Student Wellbeing: Helping Students Help Themselves
Editor’s Note: This is part two of a three-part series on student wellbeing written by Skodel for The Learning Counsel (Research and Context on the Digital Education Experience)
The Coronavirus pandemic and ensuing challenges from school and society closures have heightened awareness about the growing dangers to the safety and wellbeing of our students.
Our natural response in this situation is to leap in and protect these students from danger. However, before leaping to protect students, it is important to remember there is much we can do to help students help themselves. Developing resilient individuals does not come by protecting them from danger but rather letting them navigate their way through it. The question for schools is, how do we motivate students to take their wellbeing seriously?
Before answering this question, let’s examine why schools should do this in the first place. Below are key numbers from a survey conducted by Young Minds in the UK to 2,011 young people with a history of mental health:
40 percent of respondents said that there was no school counsellor available to support students in their school
Only 27 percent had had a one-to-one conversation with a teacher or another member of staff in which they were asked about their wellbeing, by the time they completed the survey.
Almost a quarter of respondents (23 percent) said that there was less mental health support in their school than before the pandemic, while only 9 percent agreed that there was more mental health support.
A further study by Canva conducted in the Fall of 2020 revealed:
41 percent of students are telling their teachers that they are feeling overwhelmed
39 percent shared they are feeling disconnected from their peers and school network
37 percent are experiencing heightened levels of anxiety
37 percent are feeling isolated
30 percent are worried about their friends and family
27 percent are feeling stressed about their home environment
26 percent are feeling depressed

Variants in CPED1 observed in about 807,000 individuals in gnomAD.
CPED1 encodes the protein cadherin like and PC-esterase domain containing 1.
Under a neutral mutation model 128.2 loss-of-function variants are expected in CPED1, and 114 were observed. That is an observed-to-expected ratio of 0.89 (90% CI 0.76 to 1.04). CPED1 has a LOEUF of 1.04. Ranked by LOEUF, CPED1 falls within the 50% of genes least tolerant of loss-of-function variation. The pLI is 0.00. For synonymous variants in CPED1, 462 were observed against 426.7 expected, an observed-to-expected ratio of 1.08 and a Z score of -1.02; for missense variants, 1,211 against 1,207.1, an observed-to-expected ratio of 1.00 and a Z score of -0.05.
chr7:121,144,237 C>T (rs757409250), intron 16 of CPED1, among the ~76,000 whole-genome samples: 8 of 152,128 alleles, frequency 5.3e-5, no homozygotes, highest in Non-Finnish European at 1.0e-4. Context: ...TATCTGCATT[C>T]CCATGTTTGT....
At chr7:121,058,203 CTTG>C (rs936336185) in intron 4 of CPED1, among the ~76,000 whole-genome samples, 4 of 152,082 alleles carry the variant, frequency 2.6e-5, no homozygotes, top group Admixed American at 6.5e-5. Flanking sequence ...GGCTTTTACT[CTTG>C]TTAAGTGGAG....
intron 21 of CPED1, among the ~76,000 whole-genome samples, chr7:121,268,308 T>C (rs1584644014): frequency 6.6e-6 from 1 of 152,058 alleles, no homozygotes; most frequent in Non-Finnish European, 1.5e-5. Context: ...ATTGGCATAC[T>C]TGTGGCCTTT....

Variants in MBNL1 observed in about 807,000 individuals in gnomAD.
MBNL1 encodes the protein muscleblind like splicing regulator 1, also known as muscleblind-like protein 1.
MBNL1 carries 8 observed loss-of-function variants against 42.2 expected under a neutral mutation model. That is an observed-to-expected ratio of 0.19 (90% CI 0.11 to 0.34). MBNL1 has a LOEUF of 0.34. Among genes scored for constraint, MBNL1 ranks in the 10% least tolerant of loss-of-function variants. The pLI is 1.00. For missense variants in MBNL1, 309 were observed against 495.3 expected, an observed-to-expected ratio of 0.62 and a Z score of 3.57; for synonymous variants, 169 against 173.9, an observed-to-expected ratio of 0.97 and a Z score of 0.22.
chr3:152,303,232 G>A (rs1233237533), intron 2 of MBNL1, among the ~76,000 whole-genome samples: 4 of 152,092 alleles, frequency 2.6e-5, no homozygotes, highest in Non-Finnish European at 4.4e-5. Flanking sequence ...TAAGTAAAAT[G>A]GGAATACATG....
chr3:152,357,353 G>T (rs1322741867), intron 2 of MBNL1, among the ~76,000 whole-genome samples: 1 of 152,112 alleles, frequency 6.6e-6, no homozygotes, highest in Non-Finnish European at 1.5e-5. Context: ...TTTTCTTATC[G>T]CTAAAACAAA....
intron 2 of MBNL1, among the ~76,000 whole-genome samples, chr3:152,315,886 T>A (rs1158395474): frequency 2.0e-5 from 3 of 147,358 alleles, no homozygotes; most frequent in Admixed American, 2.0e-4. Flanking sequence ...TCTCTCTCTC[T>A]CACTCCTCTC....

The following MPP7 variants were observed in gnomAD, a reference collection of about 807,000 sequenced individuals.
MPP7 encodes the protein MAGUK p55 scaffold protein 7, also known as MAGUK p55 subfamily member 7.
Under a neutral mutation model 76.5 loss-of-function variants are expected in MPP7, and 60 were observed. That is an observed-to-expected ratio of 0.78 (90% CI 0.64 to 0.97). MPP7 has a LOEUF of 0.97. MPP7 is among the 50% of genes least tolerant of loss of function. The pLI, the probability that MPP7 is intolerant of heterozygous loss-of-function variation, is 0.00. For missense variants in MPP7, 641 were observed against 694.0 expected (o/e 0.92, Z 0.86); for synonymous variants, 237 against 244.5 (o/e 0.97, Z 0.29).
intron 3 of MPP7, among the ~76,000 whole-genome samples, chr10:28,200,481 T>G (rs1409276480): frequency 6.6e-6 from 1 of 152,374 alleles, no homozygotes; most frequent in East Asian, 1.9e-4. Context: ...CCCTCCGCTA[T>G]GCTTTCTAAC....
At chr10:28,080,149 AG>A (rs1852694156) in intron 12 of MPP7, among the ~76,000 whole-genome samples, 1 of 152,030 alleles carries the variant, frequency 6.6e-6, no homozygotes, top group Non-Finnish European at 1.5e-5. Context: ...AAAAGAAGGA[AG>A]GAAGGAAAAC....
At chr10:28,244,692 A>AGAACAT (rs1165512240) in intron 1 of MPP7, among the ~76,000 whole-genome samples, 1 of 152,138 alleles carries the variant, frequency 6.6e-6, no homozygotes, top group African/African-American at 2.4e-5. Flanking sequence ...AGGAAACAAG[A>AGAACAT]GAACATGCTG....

A gap exists between mental health support available and students in need of those resources. The way to close this gap is to either increase the support available or reduce the number of students in need of the support. If we consider wellbeing as the gatekeeper to our mental health, then by focusing on improving our wellbeing we can reduce the likelihood of developing a serious mental illness. A focus on wellbeing is really about understanding who you are and what makes you tick so that you have more control over your emotional response to events that take place in your life. The challenge with this is that it requires time and effort to get to know yourself, which means students will not commit to it unless they are sufficiently motivated. There are three ways schools can do this:
Start with the why
Find the who
Stay the course
Start with the why
This is tricky; each individual is unique so what motivates them is also unique. For example, telling a student to do their homework so they can get good grades might work for some students, while it will have zero impact on other students. Schools need to master their messaging here in order to get students emotionally invested in looking after themselves and the initiatives they put forward. One example of this comes from a third grade teacher in Denver, Kyle Schwartz, who became known for her worldwide viral phenomenon ‘I wish my teacher knew: How one question can change everything for kids.’